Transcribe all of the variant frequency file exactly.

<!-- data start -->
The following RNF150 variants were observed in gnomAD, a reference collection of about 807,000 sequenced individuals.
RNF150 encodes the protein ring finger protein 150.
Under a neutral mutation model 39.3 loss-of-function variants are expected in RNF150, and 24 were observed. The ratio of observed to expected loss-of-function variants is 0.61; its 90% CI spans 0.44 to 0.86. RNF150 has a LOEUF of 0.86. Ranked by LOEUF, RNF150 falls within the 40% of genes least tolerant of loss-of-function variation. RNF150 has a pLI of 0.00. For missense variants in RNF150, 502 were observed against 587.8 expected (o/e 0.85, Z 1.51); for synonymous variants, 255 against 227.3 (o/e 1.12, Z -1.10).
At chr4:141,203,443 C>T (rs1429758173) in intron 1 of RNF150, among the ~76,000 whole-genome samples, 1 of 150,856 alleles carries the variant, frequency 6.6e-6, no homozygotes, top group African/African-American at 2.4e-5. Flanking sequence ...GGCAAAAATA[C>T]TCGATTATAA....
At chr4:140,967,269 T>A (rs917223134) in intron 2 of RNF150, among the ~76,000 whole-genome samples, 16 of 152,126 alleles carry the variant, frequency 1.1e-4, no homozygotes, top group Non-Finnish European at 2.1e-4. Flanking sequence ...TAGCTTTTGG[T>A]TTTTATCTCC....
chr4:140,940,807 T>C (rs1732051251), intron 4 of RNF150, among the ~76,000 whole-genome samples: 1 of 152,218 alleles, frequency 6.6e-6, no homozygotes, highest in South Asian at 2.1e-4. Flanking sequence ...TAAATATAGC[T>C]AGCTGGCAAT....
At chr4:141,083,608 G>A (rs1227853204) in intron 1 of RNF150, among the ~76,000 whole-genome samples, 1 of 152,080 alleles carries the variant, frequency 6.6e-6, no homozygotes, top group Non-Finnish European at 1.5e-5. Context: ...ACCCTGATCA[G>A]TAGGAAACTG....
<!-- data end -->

The following RNF150 variants were observed in gnomAD, a reference collection of about 807,000 sequenced individuals.
RNF150 encodes the protein ring finger protein 150.
Under a neutral mutation model 39.3 loss-of-function variants are expected in RNF150, and 24 were observed. The ratio of observed to expected loss-of-function variants is 0.61; its 90% CI spans 0.44 to 0.86. RNF150 has a LOEUF of 0.86. Ranked by LOEUF, RNF150 falls within the 40% of genes least tolerant of loss-of-function variation. RNF150 has a pLI of 0.00. For missense variants in RNF150, 502 were observed against 587.8 expected (o/e 0.85, Z 1.51); for synonymous variants, 255 against 227.3 (o/e 1.12, Z -1.10).
At chr4:141,203,443 C>T (rs1429758173) in intron 1 of RNF150, among the ~76,000 whole-genome samples, 1 of 150,856 alleles carries the variant, frequency 6.6e-6, no homozygotes, top group African/African-American at 2.4e-5. Flanking sequence ...GGCAAAAATA[C>T]TCGATTATAA....
At chr4:140,967,269 T>A (rs917223134) in intron 2 of RNF150, among the ~76,000 whole-genome samples, 16 of 152,126 alleles carry the variant, frequency 1.1e-4, no homozygotes, top group Non-Finnish European at 2.1e-4. Flanking sequence ...TAGCTTTTGG[T>A]TTTTATCTCC....
chr4:140,940,807 T>C (rs1732051251), intron 4 of RNF150, among the ~76,000 whole-genome samples: 1 of 152,218 alleles, frequency 6.6e-6, no homozygotes, highest in South Asian at 2.1e-4. Flanking sequence ...TAAATATAGC[T>C]AGCTGGCAAT....
At chr4:141,083,608 G>A (rs1227853204) in intron 1 of RNF150, among the ~76,000 whole-genome samples, 1 of 152,080 alleles carries the variant, frequency 6.6e-6, no homozygotes, top group Non-Finnish European at 1.5e-5. Context: ...ACCCTGATCA[G>A]TAGGAAACTG....